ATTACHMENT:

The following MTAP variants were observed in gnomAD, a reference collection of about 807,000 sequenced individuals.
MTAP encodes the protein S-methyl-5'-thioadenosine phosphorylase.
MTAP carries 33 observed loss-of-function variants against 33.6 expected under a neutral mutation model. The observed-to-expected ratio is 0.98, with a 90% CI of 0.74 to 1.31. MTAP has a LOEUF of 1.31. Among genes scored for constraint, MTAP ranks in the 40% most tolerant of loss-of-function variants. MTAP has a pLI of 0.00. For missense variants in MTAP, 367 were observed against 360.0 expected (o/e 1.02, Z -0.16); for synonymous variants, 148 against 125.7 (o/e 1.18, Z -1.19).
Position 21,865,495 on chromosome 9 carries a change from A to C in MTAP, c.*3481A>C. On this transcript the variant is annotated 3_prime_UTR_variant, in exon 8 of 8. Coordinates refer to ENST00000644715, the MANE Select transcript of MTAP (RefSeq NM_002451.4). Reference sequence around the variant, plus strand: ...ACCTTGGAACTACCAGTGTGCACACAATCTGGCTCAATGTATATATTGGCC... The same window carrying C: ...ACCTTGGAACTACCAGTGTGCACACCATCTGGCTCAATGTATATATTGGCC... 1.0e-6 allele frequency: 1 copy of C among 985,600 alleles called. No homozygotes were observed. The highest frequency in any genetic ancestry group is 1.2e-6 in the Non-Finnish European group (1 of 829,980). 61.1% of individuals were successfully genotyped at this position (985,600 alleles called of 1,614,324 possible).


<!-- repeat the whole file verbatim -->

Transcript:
The following MTAP variants were observed in gnomAD, a reference collection of about 807,000 sequenced individuals.
MTAP encodes the protein S-methyl-5'-thioadenosine phosphorylase.
MTAP carries 33 observed loss-of-function variants against 33.6 expected under a neutral mutation model. The observed-to-expected ratio is 0.98, with a 90% CI of 0.74 to 1.31. MTAP has a LOEUF of 1.31. Among genes scored for constraint, MTAP ranks in the 40% most tolerant of loss-of-function variants. MTAP has a pLI of 0.00. For missense variants in MTAP, 367 were observed against 360.0 expected (o/e 1.02, Z -0.16); for synonymous variants, 148 against 125.7 (o/e 1.18, Z -1.19).
Position 21,865,495 on chromosome 9 carries a change from A to C in MTAP, c.*3481A>C. On this transcript the variant is annotated 3_prime_UTR_variant, in exon 8 of 8. Coordinates refer to ENST00000644715, the MANE Select transcript of MTAP (RefSeq NM_002451.4). Reference sequence around the variant, plus strand: ...ACCTTGGAACTACCAGTGTGCACACAATCTGGCTCAATGTATATATTGGCC... The same window carrying C: ...ACCTTGGAACTACCAGTGTGCACACCATCTGGCTCAATGTATATATTGGCC... 1.0e-6 allele frequency: 1 copy of C among 985,600 alleles called. No homozygotes were observed. The highest frequency in any genetic ancestry group is 1.2e-6 in the Non-Finnish European group (1 of 829,980). 61.1% of individuals were successfully genotyped at this position (985,600 alleles called of 1,614,324 possible).